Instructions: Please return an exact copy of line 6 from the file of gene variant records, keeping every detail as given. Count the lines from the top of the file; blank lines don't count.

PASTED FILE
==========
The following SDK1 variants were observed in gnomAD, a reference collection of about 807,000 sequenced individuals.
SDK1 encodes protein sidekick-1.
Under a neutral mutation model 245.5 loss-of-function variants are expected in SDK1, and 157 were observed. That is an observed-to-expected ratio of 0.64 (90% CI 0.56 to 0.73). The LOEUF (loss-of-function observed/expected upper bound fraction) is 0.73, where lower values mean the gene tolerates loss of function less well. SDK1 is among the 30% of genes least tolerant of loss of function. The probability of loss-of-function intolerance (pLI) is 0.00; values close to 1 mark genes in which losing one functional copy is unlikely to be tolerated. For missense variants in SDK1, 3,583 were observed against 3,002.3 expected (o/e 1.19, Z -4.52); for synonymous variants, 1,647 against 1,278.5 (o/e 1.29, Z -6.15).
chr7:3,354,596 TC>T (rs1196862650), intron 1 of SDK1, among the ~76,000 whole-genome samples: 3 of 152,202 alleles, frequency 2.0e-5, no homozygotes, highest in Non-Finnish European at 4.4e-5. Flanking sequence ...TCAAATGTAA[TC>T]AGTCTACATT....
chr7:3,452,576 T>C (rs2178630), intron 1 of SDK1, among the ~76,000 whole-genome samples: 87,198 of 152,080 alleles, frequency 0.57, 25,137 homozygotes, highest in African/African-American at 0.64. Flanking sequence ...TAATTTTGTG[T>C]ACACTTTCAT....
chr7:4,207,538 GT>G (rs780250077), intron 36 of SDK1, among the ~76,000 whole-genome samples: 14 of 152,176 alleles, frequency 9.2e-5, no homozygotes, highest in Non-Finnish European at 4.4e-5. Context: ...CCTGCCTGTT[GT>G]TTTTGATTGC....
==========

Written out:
chr7:4,207,538 GT>G (rs780250077), intron 36 of SDK1, among the ~76,000 whole-genome samples: 14 of 152,176 alleles, frequency 9.2e-5, no homozygotes, highest in Non-Finnish European at 4.4e-5. Context: ...CCTGCCTGTT[GT>G]TTTTGATTGC....